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I must admit that I was disgusted with the anonymous essay describing the views of one of the johns who cruise my neighborhood (Real Stories, “Meet John Doe,” 9/24). This person posits that it is his right to violate the rights of homeowners in one neighborhood in order to solicit prostitutes and buy drugs. His view is very limited, since his focus is self-gratification, even though he suffers from erectile dysfunction and cannot achieve “the moment of truth.”
I have lived near Logan Circle for seven years and have borne the brunt of the sex and drug trade. If I had been wealthy, I would have sought a neighborhood farther west. That is not the case. I have put up with the women, drug dealers, used condoms, and crack vials. I have been subject to the peripheral violence associated with these “crimes without victims.” Fortunately, the atmosphere is changing; there has been a significant decrease in such activities around the circle. I hope for more improvement.
I was particularly incensed by the tirade against one of my neighbors who was out collecting tag numbers to turn over to the Metropolitan Police Department. Since Mr. Anonymous is smart enough to steal tags to use when he is cruising (to evade detection), it seems absurd that he would express such violent intentions against the people who live in the neighborhood who seek to limit his activity. He seems to be a prime example of the type of person that we would like to remove from our neighborhood streets. Does he feel that violence is a right?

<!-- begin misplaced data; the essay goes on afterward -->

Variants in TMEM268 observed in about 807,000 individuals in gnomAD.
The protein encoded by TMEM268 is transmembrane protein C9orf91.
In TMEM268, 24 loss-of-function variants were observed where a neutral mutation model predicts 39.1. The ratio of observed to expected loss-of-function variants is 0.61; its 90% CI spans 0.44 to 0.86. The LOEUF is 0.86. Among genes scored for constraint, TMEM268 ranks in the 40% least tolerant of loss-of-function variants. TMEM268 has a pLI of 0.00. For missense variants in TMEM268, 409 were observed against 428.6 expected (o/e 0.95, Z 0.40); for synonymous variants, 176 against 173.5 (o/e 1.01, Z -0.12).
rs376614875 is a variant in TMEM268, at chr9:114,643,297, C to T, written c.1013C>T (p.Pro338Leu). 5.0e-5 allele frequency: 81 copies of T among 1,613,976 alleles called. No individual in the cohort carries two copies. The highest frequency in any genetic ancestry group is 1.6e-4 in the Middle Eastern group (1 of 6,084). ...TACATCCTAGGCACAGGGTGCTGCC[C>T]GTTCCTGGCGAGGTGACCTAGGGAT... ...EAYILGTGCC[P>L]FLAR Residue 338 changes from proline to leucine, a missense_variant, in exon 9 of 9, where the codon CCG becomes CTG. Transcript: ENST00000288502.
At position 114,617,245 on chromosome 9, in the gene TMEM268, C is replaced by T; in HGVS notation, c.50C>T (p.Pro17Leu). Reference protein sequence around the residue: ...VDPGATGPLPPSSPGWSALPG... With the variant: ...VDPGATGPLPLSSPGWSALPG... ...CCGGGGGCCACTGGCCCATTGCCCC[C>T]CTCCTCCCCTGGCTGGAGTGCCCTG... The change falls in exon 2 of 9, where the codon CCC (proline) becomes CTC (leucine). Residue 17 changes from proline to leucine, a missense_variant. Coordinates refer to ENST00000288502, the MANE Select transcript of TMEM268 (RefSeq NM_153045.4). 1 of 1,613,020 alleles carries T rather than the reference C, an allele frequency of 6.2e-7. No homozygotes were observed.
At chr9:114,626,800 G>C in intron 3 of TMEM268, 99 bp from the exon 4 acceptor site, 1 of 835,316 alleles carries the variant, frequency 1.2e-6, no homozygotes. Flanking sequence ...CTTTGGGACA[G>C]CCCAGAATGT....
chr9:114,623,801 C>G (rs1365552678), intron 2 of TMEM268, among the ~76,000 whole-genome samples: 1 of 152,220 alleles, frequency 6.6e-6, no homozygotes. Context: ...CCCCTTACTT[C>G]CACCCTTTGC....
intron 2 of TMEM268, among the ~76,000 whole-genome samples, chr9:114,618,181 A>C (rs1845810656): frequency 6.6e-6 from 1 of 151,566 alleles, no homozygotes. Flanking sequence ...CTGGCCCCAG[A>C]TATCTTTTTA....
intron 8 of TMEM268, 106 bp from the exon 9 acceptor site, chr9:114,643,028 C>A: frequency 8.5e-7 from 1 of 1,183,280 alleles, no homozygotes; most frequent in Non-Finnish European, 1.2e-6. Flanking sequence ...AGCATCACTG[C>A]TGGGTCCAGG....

It is only near the end of the article that I find something to agree with the anonymous writer about—at least part of his argument. He attacks me and my neighbors as opponents of prostitution. We are against the drugs and crime associated with the street prostitution, but many of my neighbors (and I) support the concept of legalized prostitution. The overtly violent statements on the last page of this essay only support our concern about the status quo. It would be a valiant campaign to seek legalization of prostitution in the District. It would provide public health benefits, crime benefits, and improvement in the situation of the purveyors. Of course, Congress would find this far more repugnant than even the proposed needle-exchange program…
I cannot close without noting a comment in Loose Lips the same week. In a discussion of the issue of the Garrison Field parking issue (near the Metropolitan Baptist Church), there is a comment by LL that most of the tags were from Maryland, with only a few from Virginia and the District. This is a similar issue to what the 12th Street Revitalization Committee discusses every meeting: Most of the people who cruise the Track do not live in our neighborhood or even in the District. I suspect that they would not allow such activities to occur on their suburban streets.
Once again, the issues expressed by this writer only suggest an alternate solution that may not be acceptable to those who control the actions of the District. Perhaps it is time to investigate beyond the “acceptable” box, to seek alternate solutions to our social and political issues.
Congratulations on a provocative article.